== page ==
From a song about being well proportioned and pleasant on the eyes. Like the Brick House song from the Commodores. But a three car or more garage, needed to warehouse the junk. Really? A true minimalist says if you have not used a possession in 90 days, you don’t need it. Non-essential and needs to be deep sixed. Because it’s dragging you down man. But what about Christmas decorations? Leave them up to enjoy and don’t take them down? If you live in a tiny home, you limit the space and it’s like packing for the trip to the moon. Only so much will fit and priority of what is needed to stay alive not just entertained becomes important in the family tin can space capsule.
Maine is ideal for minimalist living.
We already practice minimalist living and know what “green” meant for a lifestyle before people started hash tagging it. Being good stewards, protecting Mother Earth and carry in, carry out to leave a small or better yet no footprint. Mainers are all over that approach to protecting this neat vast, sparsely populated state. Natural resource rich Maine, where we had less of a time adjusting to “social distancing” than most during the COVID19 pandemic. With all this drop dead gorgeous pure and natural beauty around us, how can you not help but feel very fortunate? Less concerned about what material objects you don’t own or need. More grateful to be in a place like Maine that is the way life should be with fresh air, clean water and not a gazillion people to share or deal with that get in the way.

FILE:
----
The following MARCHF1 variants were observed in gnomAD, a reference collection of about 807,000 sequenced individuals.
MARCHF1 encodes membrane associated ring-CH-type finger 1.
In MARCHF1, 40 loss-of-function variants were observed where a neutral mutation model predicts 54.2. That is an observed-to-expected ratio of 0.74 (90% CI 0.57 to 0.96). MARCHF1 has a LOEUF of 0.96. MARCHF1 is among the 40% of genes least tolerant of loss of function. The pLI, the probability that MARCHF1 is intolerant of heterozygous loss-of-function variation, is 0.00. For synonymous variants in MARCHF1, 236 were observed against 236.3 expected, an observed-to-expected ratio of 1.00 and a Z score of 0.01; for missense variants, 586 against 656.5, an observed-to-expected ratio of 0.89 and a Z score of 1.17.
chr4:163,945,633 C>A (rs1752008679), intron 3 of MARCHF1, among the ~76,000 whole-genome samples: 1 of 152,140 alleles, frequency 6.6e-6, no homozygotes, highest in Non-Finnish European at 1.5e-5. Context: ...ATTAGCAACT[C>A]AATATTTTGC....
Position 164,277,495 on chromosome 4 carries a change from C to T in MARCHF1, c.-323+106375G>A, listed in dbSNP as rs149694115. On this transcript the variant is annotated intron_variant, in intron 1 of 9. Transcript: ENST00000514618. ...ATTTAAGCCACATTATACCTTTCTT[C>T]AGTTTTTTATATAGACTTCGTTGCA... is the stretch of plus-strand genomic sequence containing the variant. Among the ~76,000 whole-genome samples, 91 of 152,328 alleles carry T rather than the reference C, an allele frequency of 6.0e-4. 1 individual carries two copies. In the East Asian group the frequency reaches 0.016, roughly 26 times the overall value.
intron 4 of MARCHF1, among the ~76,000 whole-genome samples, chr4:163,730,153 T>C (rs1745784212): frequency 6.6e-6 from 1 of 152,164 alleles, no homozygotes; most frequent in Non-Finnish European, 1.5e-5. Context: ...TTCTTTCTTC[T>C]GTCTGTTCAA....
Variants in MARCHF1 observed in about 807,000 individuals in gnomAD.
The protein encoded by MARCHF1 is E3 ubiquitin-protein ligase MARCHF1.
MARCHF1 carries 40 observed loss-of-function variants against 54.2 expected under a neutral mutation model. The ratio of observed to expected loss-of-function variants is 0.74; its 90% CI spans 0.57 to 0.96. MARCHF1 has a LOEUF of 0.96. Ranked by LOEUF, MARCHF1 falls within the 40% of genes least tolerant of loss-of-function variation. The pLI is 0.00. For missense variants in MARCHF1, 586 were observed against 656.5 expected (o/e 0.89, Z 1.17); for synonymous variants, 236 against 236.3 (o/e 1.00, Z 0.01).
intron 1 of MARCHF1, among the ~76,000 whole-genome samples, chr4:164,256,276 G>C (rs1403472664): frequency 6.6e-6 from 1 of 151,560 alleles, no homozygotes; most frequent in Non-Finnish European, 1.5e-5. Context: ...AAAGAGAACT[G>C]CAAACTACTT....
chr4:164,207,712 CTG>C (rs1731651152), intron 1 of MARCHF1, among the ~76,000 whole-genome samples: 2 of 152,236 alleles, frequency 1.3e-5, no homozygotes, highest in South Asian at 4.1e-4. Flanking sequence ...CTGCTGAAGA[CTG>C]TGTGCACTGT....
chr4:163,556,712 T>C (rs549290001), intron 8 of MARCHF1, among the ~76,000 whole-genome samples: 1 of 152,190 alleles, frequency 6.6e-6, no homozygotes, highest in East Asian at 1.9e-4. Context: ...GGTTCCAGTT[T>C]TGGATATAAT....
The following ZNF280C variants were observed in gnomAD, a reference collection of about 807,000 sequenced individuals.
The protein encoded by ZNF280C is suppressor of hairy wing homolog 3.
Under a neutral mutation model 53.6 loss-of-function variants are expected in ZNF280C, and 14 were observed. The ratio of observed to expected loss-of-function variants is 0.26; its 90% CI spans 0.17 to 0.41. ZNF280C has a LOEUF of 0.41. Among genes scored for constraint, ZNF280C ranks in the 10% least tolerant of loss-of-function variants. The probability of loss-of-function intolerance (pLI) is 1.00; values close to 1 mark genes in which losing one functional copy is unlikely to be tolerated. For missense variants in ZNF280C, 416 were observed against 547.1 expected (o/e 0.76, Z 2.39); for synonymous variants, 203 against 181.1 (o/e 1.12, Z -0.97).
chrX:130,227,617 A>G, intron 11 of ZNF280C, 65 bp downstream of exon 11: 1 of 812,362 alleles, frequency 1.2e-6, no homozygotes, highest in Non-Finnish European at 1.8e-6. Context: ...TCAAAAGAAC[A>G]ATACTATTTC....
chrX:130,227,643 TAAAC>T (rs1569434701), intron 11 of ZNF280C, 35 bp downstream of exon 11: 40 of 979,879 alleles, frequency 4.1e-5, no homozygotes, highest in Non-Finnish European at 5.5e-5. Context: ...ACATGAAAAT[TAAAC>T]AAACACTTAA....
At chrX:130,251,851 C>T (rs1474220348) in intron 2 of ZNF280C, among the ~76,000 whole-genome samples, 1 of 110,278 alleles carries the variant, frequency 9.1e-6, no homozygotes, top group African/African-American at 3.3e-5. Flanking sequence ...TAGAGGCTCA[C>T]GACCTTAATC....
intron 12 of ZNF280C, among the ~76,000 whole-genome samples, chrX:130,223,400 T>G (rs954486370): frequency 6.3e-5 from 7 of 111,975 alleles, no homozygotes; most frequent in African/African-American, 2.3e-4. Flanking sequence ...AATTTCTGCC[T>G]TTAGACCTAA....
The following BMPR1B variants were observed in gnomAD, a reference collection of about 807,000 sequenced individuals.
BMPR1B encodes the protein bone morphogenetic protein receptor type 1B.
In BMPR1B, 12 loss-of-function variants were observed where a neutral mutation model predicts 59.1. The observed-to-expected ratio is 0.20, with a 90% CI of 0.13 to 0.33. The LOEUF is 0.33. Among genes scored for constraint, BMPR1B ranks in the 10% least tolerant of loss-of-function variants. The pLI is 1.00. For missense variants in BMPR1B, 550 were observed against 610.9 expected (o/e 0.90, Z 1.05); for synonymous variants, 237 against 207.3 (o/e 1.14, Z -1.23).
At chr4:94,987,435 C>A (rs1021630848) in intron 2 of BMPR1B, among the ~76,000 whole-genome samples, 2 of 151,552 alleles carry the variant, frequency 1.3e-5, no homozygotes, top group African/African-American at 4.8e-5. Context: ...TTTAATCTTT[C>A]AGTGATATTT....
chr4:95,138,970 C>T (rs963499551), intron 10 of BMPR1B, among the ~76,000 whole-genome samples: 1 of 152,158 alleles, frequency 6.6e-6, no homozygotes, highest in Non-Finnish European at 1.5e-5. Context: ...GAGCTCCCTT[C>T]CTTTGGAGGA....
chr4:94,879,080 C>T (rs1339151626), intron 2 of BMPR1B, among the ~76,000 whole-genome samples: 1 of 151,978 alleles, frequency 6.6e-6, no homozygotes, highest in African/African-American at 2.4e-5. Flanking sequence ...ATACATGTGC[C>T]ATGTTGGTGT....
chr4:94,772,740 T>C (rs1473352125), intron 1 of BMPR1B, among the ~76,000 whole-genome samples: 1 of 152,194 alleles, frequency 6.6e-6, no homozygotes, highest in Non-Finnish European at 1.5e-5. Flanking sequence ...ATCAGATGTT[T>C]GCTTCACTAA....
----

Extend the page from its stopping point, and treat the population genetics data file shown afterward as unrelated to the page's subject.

Living in a small cabin off grid is not the same as owning a 1000 square foot ranch or living in a farmstead with power and all the creature comforts.
But Mainers are happy with what they have. Industrious too in improving their lot in life without waiting for someone else to make the changes for them. We don’t point fingers or blame and instead make the most with what we have that is always more than enough. Make it work, adjusting our attitudes and patience all taught early on as life survival skills. When it’s a lot cheaper to live here, that helps too. You worry less about being up against it or making ends meet when the dollar bill stretches further.
Less income but no debt.
The rural way of living in small town Maine communities prepares you with a ceiling, a boundary, financial limits. Free and clear the goal. When fun is no or low cost and we are already in Vacationland, that does not hurt minimalist living experience. Clutter, debt, no plan is not the norm in rural Maine. Way more resourceful than that to stay clear of what can pull your under or steal your joy in Maine.